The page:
Motivation and timing: clues for modeling the reward system

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Show simple item record Galtress, Tiffany Marshall, Andrew T. Kirkpatrick, Kimberly 2012-07-13T15:54:18Z 2012-07-13T15:54:18Z 2012-07-13
dc.description.abstract There is growing evidence that a change in reward magnitude or value alters interval timing, indicating that motivation and timing are not independent processes as was previously believed. The present paper reviews several recent studies, as well as presenting some new evidence with further manipulations of reward value during training vs. testing on a peak procedure. The combined results cannot be accounted for by any of the current psychological timing theories. However, in examining the neural circuitry of the reward system, it is not surprising that motivation has an impact on timing because the motivation/valuation system directly interfaces with the timing system. A new approach is proposed for the development of the next generation of timing models, which utilizes knowledge of the neuroanatomy and neurophysiology of the reward system to guide the development of a neurocomputational model of the reward system. The initial foundation along with heuristics for proceeding with developing such a model is unveiled in an attempt to stimulate new theoretical approaches in the field. en_US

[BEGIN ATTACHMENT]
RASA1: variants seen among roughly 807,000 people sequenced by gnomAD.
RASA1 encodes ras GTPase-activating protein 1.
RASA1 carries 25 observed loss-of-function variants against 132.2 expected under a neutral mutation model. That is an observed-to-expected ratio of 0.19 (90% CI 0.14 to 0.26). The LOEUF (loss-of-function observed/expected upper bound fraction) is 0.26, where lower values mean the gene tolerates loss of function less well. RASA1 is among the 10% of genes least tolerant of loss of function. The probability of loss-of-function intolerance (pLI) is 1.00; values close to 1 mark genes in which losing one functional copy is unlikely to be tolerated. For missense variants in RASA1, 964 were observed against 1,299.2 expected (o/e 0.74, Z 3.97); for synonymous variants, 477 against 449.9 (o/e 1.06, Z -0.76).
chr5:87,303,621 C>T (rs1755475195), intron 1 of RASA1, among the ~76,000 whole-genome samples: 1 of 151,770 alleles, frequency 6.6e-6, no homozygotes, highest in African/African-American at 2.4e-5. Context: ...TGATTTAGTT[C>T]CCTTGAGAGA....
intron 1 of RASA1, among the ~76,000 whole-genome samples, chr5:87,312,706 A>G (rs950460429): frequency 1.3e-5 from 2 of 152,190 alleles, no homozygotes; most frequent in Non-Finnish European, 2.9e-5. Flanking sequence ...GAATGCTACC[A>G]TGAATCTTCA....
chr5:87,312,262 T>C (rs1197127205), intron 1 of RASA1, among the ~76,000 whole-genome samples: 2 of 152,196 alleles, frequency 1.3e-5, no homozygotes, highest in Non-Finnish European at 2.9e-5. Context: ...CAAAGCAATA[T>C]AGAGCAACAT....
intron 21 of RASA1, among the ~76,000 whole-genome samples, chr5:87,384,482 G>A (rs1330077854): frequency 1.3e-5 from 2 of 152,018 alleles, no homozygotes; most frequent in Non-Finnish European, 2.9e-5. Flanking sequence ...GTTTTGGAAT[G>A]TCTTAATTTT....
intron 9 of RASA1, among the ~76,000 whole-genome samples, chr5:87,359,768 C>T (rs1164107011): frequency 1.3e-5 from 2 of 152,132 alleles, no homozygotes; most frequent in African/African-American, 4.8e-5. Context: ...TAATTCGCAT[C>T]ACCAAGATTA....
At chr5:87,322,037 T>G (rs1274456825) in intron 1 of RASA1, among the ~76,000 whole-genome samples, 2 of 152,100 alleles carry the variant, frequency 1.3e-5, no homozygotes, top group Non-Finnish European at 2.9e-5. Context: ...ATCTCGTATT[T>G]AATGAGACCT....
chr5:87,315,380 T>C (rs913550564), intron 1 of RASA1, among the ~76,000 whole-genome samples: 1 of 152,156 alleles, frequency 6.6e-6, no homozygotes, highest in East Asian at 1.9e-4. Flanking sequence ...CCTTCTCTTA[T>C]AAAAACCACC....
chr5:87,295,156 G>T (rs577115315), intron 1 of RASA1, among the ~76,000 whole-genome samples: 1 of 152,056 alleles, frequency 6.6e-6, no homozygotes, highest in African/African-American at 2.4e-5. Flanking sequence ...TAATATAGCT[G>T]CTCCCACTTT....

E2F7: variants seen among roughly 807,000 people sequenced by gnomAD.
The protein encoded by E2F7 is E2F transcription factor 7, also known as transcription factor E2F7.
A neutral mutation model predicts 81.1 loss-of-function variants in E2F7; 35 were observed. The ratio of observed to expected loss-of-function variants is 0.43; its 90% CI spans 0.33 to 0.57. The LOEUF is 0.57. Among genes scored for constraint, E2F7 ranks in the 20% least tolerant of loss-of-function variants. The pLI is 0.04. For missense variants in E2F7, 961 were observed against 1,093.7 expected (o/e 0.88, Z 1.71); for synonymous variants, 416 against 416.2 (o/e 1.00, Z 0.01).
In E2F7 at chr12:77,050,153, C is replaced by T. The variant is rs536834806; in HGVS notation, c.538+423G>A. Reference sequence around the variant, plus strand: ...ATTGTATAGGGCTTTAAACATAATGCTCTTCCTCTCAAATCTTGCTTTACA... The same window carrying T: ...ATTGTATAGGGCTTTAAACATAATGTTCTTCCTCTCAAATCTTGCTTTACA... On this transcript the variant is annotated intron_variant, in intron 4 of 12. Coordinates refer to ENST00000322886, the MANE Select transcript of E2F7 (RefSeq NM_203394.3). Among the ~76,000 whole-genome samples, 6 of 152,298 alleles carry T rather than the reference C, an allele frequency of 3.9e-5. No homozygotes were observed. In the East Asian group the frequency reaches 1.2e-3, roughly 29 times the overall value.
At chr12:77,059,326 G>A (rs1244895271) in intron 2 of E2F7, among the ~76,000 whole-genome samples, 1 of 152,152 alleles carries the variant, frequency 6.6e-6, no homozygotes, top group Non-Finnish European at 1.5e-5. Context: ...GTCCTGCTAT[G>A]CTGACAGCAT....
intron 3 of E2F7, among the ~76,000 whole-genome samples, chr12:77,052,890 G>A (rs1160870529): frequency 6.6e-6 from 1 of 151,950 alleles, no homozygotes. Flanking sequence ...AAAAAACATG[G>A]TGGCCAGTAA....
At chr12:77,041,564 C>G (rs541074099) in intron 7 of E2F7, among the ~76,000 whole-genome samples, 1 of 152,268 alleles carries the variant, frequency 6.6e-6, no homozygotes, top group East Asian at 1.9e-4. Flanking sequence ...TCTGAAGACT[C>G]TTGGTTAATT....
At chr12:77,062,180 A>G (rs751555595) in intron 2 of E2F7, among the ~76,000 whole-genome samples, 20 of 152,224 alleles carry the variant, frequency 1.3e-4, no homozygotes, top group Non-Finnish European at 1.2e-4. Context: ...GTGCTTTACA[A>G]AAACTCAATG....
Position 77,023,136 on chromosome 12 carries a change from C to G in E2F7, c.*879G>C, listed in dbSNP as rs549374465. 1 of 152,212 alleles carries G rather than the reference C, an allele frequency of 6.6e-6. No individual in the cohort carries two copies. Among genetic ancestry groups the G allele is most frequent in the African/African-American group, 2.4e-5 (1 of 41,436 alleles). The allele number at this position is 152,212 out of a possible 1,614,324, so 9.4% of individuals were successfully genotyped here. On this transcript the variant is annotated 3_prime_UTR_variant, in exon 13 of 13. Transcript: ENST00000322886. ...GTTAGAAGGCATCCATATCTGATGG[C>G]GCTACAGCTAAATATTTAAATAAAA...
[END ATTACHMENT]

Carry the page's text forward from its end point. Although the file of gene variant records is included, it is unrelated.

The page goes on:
dc.relation.uri en_US
dc.subject Timing en_US
dc.subject Motivation en_US
dc.subject Reward en_US
dc.subject Computational modeling en_US
dc.subject Rat en_US
dc.title Motivation and timing: clues for modeling the reward system en_US
dc.type Article (author version) en_US 2012 en_US
dc.citation.doi doi:10.1016/j.beproc.2012.02.014 en_US
dc.citation.epage 153 en_US
dc.citation.issue 1 en_US
dc.citation.jtitle Behavioural Processes en_US
dc.citation.spage 142 en_US
dc.citation.volume 90 en_US
dc.contributor.authoreid kirkpatr en_US
dc.contributor.authoreid galt en_US
dc.contributor.authoreid atmarsh en_US

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